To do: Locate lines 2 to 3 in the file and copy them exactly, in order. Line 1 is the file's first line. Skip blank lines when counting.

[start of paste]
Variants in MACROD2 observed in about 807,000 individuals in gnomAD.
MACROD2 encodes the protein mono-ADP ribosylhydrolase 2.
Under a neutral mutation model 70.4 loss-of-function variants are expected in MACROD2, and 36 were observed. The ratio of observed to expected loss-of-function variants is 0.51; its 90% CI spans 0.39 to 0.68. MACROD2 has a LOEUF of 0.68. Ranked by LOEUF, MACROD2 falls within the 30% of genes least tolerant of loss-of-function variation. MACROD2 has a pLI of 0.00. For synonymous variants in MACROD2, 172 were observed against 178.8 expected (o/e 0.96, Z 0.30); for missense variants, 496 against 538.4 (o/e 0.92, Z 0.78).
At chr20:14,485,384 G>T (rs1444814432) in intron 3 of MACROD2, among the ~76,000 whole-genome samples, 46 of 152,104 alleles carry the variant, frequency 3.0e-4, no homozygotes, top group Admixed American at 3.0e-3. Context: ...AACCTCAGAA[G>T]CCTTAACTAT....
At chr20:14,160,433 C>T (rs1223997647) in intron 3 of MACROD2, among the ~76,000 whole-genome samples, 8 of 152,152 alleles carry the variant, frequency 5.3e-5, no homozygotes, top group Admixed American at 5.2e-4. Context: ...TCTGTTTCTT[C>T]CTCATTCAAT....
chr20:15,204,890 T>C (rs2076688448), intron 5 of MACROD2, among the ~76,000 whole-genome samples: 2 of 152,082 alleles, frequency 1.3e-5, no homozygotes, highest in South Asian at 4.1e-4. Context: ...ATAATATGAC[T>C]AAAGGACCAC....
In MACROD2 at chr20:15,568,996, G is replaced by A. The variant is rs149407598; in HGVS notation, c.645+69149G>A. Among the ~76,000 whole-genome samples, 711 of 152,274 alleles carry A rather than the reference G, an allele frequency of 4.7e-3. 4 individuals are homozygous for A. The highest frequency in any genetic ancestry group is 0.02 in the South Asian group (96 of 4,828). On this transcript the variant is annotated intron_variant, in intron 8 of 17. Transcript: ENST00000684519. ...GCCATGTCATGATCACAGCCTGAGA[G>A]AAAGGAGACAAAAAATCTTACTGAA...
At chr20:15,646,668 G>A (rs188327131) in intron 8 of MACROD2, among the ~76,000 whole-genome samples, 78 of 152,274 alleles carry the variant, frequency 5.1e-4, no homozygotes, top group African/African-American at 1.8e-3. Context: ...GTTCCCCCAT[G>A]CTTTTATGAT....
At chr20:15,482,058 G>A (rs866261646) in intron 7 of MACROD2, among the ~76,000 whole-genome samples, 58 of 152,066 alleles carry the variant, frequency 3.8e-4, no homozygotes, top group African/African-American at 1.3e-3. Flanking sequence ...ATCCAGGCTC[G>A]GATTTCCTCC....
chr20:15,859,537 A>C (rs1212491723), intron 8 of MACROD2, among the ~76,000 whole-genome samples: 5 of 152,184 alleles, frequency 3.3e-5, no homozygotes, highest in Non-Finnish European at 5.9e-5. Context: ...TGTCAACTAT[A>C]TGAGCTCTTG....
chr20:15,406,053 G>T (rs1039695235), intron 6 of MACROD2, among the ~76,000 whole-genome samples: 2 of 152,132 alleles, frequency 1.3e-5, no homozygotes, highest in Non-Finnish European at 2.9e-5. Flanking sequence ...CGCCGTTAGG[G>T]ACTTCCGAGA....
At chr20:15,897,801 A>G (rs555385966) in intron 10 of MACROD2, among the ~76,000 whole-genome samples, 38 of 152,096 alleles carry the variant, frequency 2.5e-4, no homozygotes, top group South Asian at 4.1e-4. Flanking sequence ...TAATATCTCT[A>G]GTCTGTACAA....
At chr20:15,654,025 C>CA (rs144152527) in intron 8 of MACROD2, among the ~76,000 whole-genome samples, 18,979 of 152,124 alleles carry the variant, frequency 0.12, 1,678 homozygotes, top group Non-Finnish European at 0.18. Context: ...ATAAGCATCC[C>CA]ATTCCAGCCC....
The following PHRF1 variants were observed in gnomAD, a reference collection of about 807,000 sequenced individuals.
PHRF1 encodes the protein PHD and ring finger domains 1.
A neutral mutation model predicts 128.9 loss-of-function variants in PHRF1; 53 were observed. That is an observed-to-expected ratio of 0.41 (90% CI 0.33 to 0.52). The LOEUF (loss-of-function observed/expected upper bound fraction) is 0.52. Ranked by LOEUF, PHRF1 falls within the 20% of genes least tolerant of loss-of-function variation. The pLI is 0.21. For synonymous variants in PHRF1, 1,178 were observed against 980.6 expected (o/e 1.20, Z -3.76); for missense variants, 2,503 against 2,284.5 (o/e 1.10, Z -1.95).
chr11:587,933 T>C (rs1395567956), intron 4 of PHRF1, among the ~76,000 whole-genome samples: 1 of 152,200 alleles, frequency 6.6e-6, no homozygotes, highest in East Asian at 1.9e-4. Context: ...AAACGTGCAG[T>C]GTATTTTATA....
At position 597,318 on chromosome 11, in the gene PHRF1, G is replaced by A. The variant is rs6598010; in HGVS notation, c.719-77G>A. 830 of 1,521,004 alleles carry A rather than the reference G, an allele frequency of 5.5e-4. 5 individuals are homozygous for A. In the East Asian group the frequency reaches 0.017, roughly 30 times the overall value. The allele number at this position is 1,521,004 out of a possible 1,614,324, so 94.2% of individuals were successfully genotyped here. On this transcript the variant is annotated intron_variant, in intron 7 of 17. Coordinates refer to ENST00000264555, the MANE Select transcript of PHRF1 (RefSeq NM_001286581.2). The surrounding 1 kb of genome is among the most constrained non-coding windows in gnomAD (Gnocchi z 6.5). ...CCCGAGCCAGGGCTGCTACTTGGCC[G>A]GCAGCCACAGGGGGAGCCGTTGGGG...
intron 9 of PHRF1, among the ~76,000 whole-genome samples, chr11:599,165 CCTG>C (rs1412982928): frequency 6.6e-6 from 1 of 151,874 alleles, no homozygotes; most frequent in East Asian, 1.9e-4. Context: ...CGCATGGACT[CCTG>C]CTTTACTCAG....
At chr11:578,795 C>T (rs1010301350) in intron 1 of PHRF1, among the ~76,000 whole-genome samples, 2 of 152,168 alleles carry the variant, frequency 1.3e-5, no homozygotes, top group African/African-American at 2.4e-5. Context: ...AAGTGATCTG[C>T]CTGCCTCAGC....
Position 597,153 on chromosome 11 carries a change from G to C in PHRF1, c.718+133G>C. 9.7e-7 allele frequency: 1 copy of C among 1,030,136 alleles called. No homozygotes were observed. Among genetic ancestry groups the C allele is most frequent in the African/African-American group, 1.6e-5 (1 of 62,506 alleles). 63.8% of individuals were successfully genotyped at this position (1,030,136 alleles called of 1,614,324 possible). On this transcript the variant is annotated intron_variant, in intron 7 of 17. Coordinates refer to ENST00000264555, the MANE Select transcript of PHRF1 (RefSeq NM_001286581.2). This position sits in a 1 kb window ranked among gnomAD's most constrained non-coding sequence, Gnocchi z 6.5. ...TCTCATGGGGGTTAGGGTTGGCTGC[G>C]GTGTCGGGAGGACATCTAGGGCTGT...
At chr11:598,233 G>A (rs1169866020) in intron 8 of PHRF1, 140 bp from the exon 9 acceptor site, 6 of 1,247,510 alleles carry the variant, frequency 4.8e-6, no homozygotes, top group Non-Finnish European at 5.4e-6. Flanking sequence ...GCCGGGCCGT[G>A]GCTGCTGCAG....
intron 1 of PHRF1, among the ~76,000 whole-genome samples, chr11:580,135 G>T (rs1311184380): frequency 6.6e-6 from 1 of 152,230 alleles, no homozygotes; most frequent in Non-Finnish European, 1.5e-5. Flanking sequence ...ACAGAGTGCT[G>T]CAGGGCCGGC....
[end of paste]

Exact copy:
MACROD2 encodes the protein mono-ADP ribosylhydrolase 2.
Under a neutral mutation model 70.4 loss-of-function variants are expected in MACROD2, and 36 were observed. The ratio of observed to expected loss-of-function variants is 0.51; its 90% CI spans 0.39 to 0.68. MACROD2 has a LOEUF of 0.68. Ranked by LOEUF, MACROD2 falls within the 30% of genes least tolerant of loss-of-function variation. MACROD2 has a pLI of 0.00. For synonymous variants in MACROD2, 172 were observed against 178.8 expected (o/e 0.96, Z 0.30); for missense variants, 496 against 538.4 (o/e 0.92, Z 0.78).